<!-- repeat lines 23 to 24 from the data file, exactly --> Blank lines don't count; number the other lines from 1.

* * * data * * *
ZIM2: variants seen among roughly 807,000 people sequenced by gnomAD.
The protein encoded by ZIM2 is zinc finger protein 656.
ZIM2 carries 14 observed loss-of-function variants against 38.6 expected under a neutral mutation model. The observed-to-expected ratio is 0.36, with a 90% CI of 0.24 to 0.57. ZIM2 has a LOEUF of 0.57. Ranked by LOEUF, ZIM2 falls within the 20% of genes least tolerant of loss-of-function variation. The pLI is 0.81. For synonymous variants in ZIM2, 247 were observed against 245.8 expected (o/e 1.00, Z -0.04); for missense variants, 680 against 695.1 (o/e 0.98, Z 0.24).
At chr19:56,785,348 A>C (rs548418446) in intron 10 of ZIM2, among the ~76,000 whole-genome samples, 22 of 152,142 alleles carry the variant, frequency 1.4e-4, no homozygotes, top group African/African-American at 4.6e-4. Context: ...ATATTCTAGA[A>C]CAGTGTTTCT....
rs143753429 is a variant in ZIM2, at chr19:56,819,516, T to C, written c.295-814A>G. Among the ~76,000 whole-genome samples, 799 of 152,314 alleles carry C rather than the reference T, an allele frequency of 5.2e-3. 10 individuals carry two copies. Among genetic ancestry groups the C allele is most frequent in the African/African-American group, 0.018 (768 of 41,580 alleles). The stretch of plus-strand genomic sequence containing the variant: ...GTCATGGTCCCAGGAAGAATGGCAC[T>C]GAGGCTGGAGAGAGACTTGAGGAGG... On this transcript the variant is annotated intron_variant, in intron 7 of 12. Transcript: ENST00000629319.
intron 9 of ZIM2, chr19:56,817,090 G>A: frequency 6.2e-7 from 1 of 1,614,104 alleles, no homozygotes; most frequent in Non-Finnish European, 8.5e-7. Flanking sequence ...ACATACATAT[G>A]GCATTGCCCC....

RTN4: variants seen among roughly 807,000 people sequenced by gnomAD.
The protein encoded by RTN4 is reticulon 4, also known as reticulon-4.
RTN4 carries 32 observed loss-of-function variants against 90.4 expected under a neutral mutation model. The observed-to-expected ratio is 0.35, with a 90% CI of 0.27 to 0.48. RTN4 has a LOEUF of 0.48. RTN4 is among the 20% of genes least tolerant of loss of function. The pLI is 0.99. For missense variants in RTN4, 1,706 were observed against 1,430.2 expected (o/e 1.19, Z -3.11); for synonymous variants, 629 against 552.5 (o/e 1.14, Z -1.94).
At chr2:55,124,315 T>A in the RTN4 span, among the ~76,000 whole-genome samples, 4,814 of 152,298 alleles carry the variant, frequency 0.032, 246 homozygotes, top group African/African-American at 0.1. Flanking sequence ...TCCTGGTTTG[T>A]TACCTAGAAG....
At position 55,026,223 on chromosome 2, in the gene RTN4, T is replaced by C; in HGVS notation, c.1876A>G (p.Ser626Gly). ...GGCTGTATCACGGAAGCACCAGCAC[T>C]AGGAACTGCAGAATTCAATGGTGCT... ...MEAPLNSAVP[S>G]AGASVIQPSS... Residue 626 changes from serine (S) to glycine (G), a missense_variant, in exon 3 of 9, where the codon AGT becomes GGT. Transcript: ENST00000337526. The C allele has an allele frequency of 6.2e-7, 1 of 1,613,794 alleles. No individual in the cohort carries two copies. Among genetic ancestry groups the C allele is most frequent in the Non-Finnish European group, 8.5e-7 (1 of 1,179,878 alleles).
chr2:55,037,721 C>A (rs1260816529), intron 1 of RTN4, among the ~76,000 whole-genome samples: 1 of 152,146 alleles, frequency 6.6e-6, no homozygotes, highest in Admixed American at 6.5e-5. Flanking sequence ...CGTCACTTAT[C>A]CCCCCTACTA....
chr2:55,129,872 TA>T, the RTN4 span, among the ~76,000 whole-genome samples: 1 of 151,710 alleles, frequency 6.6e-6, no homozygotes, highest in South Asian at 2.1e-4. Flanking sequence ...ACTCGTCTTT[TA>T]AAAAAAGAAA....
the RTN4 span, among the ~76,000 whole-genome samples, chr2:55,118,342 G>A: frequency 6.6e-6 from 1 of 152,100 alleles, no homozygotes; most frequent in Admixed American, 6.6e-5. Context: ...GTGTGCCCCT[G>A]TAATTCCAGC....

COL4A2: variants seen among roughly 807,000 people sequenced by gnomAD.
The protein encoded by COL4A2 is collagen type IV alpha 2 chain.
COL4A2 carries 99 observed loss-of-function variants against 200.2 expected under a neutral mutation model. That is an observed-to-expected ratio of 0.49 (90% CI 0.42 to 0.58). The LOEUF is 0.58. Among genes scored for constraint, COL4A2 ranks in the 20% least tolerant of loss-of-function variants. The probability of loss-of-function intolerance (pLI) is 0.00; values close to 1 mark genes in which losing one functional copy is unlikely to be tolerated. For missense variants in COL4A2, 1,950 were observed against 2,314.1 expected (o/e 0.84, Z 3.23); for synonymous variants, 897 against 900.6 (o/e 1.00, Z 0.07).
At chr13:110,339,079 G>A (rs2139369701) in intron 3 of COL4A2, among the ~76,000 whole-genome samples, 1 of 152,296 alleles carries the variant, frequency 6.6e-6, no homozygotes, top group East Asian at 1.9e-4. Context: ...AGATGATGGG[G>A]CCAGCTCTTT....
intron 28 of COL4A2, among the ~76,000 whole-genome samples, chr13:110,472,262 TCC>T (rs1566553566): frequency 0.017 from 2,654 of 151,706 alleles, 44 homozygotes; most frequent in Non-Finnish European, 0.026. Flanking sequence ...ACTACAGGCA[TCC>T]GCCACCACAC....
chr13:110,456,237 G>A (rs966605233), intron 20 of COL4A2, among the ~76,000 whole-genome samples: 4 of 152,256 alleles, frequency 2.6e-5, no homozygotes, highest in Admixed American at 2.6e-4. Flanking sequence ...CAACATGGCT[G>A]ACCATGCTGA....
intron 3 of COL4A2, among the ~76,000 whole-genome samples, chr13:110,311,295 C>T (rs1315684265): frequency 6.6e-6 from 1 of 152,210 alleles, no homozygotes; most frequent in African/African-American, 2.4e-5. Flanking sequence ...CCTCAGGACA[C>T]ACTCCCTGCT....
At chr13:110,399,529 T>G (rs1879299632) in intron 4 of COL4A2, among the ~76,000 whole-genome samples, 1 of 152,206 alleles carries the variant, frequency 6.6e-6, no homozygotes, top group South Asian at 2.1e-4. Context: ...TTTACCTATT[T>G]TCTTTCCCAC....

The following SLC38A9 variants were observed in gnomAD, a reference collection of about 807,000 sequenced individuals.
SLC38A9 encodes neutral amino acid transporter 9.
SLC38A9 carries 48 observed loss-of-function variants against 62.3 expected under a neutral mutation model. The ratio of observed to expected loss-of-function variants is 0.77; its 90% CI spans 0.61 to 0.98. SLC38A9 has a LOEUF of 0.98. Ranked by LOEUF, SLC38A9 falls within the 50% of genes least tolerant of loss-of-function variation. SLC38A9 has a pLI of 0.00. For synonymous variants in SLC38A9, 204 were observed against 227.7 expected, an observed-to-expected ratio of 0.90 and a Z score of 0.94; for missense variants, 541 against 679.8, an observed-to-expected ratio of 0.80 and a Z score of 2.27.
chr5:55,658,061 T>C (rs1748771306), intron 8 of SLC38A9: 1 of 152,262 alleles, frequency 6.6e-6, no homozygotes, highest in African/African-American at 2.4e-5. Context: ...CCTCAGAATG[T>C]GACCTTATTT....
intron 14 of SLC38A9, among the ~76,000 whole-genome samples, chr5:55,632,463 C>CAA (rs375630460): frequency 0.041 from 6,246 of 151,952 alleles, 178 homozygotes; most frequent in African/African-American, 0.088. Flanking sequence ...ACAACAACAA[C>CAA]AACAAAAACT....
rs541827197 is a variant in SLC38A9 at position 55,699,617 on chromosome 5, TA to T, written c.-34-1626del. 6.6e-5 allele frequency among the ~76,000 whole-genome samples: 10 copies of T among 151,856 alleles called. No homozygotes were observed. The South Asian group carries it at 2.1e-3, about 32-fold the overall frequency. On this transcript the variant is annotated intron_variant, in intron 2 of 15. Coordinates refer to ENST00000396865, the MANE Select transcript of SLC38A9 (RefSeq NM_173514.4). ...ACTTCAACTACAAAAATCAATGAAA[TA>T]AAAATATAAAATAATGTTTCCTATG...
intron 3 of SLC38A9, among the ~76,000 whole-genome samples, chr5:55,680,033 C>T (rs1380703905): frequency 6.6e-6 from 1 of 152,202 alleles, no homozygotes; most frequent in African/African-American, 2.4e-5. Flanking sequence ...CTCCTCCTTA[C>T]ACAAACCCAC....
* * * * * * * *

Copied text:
The following SLC38A9 variants were observed in gnomAD, a reference collection of about 807,000 sequenced individuals.
SLC38A9 encodes neutral amino acid transporter 9.